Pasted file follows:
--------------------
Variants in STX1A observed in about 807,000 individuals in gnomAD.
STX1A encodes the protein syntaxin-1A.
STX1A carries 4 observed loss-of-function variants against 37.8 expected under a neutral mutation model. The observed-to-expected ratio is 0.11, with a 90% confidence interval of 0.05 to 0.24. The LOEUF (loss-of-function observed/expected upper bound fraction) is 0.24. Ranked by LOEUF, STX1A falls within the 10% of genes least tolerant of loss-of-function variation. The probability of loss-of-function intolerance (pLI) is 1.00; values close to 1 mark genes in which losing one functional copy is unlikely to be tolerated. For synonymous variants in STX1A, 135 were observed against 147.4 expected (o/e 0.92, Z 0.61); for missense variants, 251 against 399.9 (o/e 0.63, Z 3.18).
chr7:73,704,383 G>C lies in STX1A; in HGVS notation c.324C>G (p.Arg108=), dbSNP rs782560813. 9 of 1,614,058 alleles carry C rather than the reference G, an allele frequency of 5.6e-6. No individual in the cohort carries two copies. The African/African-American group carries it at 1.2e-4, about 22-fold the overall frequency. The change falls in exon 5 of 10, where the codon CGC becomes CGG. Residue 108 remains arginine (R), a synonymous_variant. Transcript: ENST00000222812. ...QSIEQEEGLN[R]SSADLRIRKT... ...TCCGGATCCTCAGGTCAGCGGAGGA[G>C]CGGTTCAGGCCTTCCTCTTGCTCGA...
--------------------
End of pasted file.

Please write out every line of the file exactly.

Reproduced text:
Variants in STX1A observed in about 807,000 individuals in gnomAD.
STX1A encodes the protein syntaxin-1A.
STX1A carries 4 observed loss-of-function variants against 37.8 expected under a neutral mutation model. The observed-to-expected ratio is 0.11, with a 90% confidence interval of 0.05 to 0.24. The LOEUF (loss-of-function observed/expected upper bound fraction) is 0.24. Ranked by LOEUF, STX1A falls within the 10% of genes least tolerant of loss-of-function variation. The probability of loss-of-function intolerance (pLI) is 1.00; values close to 1 mark genes in which losing one functional copy is unlikely to be tolerated. For synonymous variants in STX1A, 135 were observed against 147.4 expected (o/e 0.92, Z 0.61); for missense variants, 251 against 399.9 (o/e 0.63, Z 3.18).
chr7:73,704,383 G>C lies in STX1A; in HGVS notation c.324C>G (p.Arg108=), dbSNP rs782560813. 9 of 1,614,058 alleles carry C rather than the reference G, an allele frequency of 5.6e-6. No individual in the cohort carries two copies. The African/African-American group carries it at 1.2e-4, about 22-fold the overall frequency. The change falls in exon 5 of 10, where the codon CGC becomes CGG. Residue 108 remains arginine (R), a synonymous_variant. Transcript: ENST00000222812. ...QSIEQEEGLN[R]SSADLRIRKT... ...TCCGGATCCTCAGGTCAGCGGAGGA[G>C]CGGTTCAGGCCTTCCTCTTGCTCGA...